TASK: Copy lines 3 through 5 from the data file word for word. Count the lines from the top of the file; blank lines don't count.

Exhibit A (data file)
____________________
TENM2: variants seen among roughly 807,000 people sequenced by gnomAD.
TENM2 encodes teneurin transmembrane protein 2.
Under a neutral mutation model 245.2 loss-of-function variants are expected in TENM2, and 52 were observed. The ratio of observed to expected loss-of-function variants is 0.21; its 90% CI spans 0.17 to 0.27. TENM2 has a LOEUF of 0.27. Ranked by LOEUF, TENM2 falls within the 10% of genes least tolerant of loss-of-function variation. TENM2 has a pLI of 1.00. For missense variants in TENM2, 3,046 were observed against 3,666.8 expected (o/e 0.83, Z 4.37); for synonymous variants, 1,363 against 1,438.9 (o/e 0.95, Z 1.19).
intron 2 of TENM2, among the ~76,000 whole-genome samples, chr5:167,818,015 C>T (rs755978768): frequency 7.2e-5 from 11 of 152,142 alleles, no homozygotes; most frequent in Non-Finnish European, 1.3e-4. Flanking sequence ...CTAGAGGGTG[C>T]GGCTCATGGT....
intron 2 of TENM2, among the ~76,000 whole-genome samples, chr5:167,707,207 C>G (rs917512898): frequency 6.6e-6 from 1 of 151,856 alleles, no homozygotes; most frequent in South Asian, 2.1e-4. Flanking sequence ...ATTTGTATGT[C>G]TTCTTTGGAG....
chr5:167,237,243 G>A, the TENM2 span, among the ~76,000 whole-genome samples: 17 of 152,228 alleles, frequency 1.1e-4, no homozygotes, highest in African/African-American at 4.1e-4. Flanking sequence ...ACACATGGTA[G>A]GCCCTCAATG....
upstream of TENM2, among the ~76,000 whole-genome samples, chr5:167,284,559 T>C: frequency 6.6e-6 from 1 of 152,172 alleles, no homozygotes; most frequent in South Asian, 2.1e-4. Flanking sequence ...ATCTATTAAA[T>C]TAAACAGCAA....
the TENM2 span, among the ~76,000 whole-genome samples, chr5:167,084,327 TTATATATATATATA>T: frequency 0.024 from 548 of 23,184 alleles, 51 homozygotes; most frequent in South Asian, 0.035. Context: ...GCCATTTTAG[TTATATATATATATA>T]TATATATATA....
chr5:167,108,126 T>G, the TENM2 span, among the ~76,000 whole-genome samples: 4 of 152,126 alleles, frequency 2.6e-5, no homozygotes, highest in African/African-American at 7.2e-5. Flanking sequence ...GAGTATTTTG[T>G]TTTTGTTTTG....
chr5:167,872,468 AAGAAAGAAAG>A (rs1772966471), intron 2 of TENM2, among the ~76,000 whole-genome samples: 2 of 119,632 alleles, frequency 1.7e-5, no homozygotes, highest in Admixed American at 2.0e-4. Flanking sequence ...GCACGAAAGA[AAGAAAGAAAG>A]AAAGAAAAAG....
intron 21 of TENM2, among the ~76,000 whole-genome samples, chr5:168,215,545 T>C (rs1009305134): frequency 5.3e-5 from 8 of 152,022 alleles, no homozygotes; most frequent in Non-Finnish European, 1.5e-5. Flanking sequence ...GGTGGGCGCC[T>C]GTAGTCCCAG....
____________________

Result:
Under a neutral mutation model 245.2 loss-of-function variants are expected in TENM2, and 52 were observed. The ratio of observed to expected loss-of-function variants is 0.21; its 90% CI spans 0.17 to 0.27. TENM2 has a LOEUF of 0.27. Ranked by LOEUF, TENM2 falls within the 10% of genes least tolerant of loss-of-function variation. TENM2 has a pLI of 1.00. For missense variants in TENM2, 3,046 were observed against 3,666.8 expected (o/e 0.83, Z 4.37); for synonymous variants, 1,363 against 1,438.9 (o/e 0.95, Z 1.19).
intron 2 of TENM2, among the ~76,000 whole-genome samples, chr5:167,818,015 C>T (rs755978768): frequency 7.2e-5 from 11 of 152,142 alleles, no homozygotes; most frequent in Non-Finnish European, 1.3e-4. Flanking sequence ...CTAGAGGGTG[C>T]GGCTCATGGT....
intron 2 of TENM2, among the ~76,000 whole-genome samples, chr5:167,707,207 C>G (rs917512898): frequency 6.6e-6 from 1 of 151,856 alleles, no homozygotes; most frequent in South Asian, 2.1e-4. Flanking sequence ...ATTTGTATGT[C>G]TTCTTTGGAG....